lec no. 4 hardware and software basic

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  • 1. Hardware and Software Basics By ROY ESPINELI FEROLINO, BSCS, MBA Lecture No. 4 Lyceum of the Philippines University CAVITE

2. Module Objectives

  • Describe the appropriate use of operating systems, software applications, and networking components.
  • Compare and contrast the use of various input, processing, output, and primary/secondary storage devices.
  • Explain the differences between analog and digital technology systems and give examples of each type of system.
  • Delineate and make necessary adjustments regarding compatibility issues and cross-platform connectivity.

3. Types of Devices

  • Digital versus Analog
  • A digital device uses discrete data.
    • Discrete data is distinct or separate.
    • Ex: Numbers or digits.
  • Most computers today are digital. Their circuits have only two possible states, such as Off and On or 0 and 1.

4. Types of Devices

  • Digital versus Analog
  • An analog device operates oncontinuously varying data.
  • Continuously varying data has an infinite number of possible states.

5. Types of Devices

  • Digital versus Analog
  • A digital thermometer will give a specific numerical reading when used to measure someones body temperature.
  • An old fashioned mercury thermometers reading of someones body temperature could be interpreted differently by different users.

6. Computer Hardware

  • Central Processing Unit - also called The Chip, a CPU, a processor, or a microprocessor
  • Memory (RAM)
  • Storage Devices
  • Input Devices
  • Output Devices

7. Computer Hardware

  • Central Processing Unit- also called The Chip, a CPU, a processor or a microprocessor
  • Memory (RAM)
  • Storage Devices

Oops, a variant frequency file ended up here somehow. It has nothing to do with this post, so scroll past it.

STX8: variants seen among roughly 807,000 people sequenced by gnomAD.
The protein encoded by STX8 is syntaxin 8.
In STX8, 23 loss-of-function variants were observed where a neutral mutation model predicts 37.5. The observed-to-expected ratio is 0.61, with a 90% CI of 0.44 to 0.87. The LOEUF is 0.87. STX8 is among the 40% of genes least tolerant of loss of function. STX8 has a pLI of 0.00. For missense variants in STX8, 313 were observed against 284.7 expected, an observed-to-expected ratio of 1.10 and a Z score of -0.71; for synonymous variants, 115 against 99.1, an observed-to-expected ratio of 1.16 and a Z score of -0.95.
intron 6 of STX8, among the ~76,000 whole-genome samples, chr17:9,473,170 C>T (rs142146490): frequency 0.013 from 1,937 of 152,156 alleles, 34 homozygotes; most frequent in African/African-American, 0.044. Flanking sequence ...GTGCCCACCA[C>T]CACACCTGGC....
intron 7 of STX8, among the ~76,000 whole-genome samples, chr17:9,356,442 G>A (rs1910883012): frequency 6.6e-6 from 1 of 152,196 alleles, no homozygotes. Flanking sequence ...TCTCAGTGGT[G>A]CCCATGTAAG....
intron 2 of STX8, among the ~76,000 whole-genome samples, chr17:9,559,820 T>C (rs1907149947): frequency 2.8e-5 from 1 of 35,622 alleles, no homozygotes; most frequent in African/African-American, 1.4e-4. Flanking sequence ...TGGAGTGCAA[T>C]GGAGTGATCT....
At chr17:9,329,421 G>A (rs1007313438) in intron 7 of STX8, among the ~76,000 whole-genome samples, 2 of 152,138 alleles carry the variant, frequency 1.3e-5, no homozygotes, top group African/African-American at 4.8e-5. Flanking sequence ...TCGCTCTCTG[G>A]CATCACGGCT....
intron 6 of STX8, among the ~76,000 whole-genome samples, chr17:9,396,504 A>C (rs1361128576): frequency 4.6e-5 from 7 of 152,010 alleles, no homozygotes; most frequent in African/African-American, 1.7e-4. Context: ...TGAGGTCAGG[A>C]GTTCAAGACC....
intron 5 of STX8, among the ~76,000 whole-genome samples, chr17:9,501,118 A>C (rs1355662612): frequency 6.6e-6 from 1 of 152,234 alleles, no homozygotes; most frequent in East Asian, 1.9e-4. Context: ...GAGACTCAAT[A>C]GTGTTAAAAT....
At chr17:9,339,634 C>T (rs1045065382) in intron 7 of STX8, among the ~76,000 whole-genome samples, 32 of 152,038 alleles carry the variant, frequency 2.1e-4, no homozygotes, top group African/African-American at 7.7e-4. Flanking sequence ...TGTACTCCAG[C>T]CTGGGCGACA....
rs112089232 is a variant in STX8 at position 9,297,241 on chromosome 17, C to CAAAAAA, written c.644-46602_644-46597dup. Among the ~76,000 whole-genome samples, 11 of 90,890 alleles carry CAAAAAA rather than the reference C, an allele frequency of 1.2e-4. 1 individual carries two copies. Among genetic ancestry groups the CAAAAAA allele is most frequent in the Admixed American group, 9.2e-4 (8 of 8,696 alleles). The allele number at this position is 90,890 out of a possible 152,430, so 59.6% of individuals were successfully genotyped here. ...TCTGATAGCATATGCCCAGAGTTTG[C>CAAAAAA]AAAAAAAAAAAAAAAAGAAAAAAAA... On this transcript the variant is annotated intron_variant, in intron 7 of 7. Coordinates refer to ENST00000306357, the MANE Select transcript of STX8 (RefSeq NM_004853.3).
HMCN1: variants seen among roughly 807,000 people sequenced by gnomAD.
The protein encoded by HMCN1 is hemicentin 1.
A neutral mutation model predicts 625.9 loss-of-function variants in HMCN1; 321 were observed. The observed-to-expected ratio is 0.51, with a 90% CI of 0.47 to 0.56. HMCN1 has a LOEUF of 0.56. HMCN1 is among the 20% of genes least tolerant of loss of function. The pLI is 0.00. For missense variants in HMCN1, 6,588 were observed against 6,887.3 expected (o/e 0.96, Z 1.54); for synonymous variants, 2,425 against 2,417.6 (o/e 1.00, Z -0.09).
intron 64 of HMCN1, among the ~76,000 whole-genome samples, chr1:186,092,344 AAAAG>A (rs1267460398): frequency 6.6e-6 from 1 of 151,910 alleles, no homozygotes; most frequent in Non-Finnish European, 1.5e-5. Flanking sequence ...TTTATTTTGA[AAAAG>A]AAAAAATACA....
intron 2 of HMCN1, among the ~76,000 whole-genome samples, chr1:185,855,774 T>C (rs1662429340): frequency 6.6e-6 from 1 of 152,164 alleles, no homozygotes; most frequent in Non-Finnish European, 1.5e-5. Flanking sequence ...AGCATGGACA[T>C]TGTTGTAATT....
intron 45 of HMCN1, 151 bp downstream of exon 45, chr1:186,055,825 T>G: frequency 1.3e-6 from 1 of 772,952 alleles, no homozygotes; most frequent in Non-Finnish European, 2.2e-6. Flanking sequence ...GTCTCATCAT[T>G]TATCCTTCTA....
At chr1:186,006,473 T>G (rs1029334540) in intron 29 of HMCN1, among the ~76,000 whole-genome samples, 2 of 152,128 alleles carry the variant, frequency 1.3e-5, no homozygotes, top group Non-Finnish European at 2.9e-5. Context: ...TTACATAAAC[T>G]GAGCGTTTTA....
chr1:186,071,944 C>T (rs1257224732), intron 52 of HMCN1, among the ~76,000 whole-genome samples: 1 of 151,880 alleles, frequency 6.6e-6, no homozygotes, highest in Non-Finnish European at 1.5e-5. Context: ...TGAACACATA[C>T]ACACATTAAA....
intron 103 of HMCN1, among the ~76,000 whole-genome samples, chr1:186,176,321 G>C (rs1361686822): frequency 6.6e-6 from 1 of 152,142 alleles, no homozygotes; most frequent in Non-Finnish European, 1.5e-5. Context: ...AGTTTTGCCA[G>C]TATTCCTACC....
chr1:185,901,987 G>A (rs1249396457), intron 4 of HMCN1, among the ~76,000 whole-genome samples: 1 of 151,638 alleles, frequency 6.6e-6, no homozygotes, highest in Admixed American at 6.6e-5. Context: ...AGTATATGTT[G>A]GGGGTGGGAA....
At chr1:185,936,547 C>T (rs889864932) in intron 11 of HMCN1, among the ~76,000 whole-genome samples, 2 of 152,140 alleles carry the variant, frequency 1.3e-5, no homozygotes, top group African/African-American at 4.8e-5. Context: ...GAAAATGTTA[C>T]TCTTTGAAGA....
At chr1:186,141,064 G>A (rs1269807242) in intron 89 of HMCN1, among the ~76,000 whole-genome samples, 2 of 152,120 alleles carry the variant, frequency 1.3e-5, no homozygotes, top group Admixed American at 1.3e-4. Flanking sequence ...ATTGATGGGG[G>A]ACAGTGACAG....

• Input Devices
  • Output Devices

8. Computer Hardware

  • Central Processing Unit- also called The Chip, a CPU, a processor or a microprocessor
  • Memory (RAM)
  • Storage Devices
  • Input Devices
  • Output Devices

9. Computer Hardware

  • Central Processing Unit- also called The Chip, a CPU, a processor or a microprocessor
  • Memory (RAM)
  • Storage Devices
  • Input Devices
  • Output Devices

10. CPU Types

  • CPU or microprocessoris often described as the brain of a computer.
  • CPU is an integrated circuit or chip which processes instructions and data.
  • CPU types.
    • Intel Pentium II, III, IV
    • Intel Celeron
    • AMD Athlon

11. CPU types

  • CPU speed is measured by the number of completedinstruction cyclesper second
    • Currently, CPU speeds range from 600 megahertz (MHz or million cycles per second) to 4 gigahertz (GHz or billion cycles per second).
  • Always check new softwares requirements for CPU type and speed before purchasing

12. Microcomputer Platforms

  • All microcomputers are based on a small number of designs (interior architecture) orcomputer platforms .
  • PC architecture is based on the first IBM microcomputers. Generally, PCs use Microsoft Windows as their operating system.
  • Apple computers or Macs are based on proprietary architecture manufactured exclusively by Apple Computer, Inc.

13. Microcomputer Platforms

  • Compatibility refers to computers that operate in essentially the same way.
  • Compatibility across platforms is limited! You must know which platform your computer runs on before purchasing software.
  • All software is designed for a specific platform.
    • Windows, Mac or Unix versions

14. Memory (RAM)

  • RAMorR andomA ccessM emory
  • Waiting room for computers CPU.
  • Holds instructions for processing data, processed data, and raw data.
  • Ram is measured by:
    • Capacity (in Megabytes or Gigabytes)
    • Speed (in Nanoseconds)

15. Memory (RAM)

  • Amount of RAM installed will determine.